The best sleeping position for a good night sleep
A question that comes up a lot in practice is “what is the best position to sleep in?” Because a lot of patients come in complaining of pain when they wake up.
Your sleeping position directly affects your health, for instance, it can affect your breathing, the alignment of your spine and blood flow.
There are ways to get a better night sleep by using the right pillow with different sleeping positions, which can therefore improve health and wellbeing both mentally and physically. If you can keep your spine aligned in the neutral position as much as possible throughout the night, the more you are likely to avoid pain.
This blog will talk about the different sleeping positions and the best pillow thickness for each.
Sleeping on your back
Sleeping on your back has the most benefits because your head, neck and back are held by gravity into a neutral position and even alignment.
The ideal pillow set up if you sleep on your back would be to use a pillow that is not too thick or too thin, so that it supports the head and neck into a neutral position.
Using a pillow behind the knees can also help to reduce pressure on the spine, by supporting the curve in your back.
However, sleeping on the back isn’t the best position for everyone.
People who snore or who have sleep apnea (also spelt sleep apnoea) may find that sleeping on the back exacerbates the problem.
Another condition that may be worsened by back sleeping is if you have GERD or gastroesophageal reflux disease. The stomach acid is not kept in the stomach via gravity, it can leak out and damage the oesophagus.
So for people with these conditions, it is recommended to try and adopt a different sleeping position.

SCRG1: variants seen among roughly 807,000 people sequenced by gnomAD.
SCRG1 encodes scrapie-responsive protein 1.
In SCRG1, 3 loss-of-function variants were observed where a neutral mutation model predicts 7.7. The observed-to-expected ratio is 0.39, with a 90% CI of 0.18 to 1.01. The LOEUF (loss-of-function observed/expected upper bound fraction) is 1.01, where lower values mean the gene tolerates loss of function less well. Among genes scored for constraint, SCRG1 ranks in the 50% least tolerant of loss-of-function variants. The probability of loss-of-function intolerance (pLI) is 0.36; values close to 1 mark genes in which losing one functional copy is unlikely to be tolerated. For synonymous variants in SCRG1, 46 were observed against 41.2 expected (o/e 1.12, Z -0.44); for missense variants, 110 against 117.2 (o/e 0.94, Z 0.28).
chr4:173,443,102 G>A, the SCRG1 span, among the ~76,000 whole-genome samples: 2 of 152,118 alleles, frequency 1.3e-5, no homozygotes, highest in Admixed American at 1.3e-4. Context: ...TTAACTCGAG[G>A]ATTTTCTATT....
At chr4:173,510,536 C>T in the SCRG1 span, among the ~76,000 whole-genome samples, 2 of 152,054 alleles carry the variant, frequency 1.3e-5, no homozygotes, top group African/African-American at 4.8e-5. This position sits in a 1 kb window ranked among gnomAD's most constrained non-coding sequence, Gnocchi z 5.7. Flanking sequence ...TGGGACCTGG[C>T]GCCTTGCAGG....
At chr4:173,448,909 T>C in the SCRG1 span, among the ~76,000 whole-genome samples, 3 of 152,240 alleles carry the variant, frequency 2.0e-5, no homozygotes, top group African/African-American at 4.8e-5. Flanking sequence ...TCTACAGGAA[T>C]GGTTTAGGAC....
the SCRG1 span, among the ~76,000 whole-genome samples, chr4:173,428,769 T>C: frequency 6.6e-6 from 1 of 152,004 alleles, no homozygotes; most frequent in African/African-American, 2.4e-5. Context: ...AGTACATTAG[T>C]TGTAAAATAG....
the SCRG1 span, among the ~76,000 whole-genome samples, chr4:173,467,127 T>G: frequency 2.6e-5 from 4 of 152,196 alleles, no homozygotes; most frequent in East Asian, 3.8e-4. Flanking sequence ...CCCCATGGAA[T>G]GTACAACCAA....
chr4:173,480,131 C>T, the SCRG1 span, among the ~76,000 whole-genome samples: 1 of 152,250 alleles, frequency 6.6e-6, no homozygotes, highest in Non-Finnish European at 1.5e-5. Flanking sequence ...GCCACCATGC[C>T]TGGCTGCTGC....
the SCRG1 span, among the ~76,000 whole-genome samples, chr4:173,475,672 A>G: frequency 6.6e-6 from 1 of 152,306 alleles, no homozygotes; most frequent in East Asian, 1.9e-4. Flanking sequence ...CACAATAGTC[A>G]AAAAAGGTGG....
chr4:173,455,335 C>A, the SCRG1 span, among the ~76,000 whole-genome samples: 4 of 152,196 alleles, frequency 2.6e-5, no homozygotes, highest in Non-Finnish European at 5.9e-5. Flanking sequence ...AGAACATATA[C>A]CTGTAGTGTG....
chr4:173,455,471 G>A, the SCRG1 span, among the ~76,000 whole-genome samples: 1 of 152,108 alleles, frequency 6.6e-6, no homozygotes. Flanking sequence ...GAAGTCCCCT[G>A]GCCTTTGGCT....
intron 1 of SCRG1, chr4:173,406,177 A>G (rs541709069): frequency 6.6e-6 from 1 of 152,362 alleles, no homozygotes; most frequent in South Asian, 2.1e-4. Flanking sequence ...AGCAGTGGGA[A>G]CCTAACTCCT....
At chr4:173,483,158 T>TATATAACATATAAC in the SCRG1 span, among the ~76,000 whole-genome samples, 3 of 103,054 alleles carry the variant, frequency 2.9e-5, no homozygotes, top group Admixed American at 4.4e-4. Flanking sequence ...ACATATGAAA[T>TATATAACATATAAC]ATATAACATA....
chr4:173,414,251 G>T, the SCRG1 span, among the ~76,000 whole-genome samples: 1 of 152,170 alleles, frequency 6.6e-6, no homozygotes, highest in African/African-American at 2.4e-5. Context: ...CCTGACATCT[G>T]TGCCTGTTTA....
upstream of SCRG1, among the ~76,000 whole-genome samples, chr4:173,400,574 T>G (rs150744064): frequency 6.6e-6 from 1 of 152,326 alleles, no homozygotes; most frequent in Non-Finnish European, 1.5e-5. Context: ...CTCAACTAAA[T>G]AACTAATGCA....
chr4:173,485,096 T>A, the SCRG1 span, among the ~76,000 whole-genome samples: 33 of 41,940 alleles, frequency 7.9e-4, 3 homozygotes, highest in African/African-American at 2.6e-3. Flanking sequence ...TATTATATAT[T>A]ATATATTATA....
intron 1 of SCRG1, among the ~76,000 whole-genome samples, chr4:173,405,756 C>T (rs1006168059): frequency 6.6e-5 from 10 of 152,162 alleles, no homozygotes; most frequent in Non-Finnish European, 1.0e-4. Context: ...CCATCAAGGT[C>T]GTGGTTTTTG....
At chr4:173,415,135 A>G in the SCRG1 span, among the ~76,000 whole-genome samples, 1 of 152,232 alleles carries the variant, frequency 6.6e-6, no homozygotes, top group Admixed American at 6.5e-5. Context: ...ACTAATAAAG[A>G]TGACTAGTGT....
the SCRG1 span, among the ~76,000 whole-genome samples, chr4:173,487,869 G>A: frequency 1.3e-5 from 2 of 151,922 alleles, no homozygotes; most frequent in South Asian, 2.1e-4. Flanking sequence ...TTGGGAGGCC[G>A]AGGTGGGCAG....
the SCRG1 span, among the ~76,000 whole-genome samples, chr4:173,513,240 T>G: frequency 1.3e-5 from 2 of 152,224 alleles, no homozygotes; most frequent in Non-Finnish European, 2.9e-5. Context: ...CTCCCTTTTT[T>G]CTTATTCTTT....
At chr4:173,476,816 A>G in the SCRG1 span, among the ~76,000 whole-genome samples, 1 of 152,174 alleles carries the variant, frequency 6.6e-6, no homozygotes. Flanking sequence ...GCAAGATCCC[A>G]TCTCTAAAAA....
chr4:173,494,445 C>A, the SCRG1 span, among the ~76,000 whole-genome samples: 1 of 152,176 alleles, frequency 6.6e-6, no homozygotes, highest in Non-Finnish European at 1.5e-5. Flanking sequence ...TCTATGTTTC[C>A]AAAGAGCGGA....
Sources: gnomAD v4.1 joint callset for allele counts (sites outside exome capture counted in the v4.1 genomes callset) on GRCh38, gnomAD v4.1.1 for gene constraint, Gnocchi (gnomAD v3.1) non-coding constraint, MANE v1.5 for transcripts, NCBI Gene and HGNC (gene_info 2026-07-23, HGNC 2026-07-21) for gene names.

Sleeping on your side
Sleeping on the side is the most common position adopted by humans and animals generally. It can be the best position for those with GERD and for reducing snoring and sleep apnoea symptoms.
Sleeping on the right side, in particular, allows for more space in the chest cavity and can put less pressure on the heart, so can help those with a heart condition.
Sleeping on the side is also preferable during pregnancy, in particular, the left side because it allows for optimal blood flow by reducing pressure on the large vein that runs next to the spine (called the inferior vena cava) and carries blood to the heart and baby.
Generally, people who sleep on their side will need a higher pillow to support their head and neck and stop it from collapsing into or compressing the shoulder girdle, which can lead to strains in the neck or back and cause headaches.
Putting a pillow between the knees can also help to keep the spine in a neutral position by preventing rotation and reducing the stretch of the pelvic muscles.
Sleeping on your front
Sleeping on the stomach is the least recommended position because it is difficult to maintain a neutral position. So it can cause more strain in the neck and shoulder girdle, leading to more risk of discomfort and pain in these areas.
It has been shown in studies, however, to be a good position for reducing snoring or sleep apnea.
If you are a front sleeper, it is recommended to train to sleep in another position. However, if you find it difficult to do this or you find that you start the night in another position, but still wake up on your front, then placing a pillow under your abdomen may help to reduce neck or back pain. Also, using no pillow under your head or a thin pillow will reduce the risk of your spine getting bent at an angle.
Your sleep position matters, if you have trouble sleeping your health can suffer and it can have a detrimental impact on all areas of your life.
If you don’t feel rested when you wake up, try practicing good sleep habits. You can access our free booklet with sleep hygiene tips at https://bit.ly/3rYkonV; incorporating these tips can really help to boost your sleep and overall health.
Would you like more information or book an appointment with one of our practitioners, please contact us on https://bit.ly/3fFvXeS.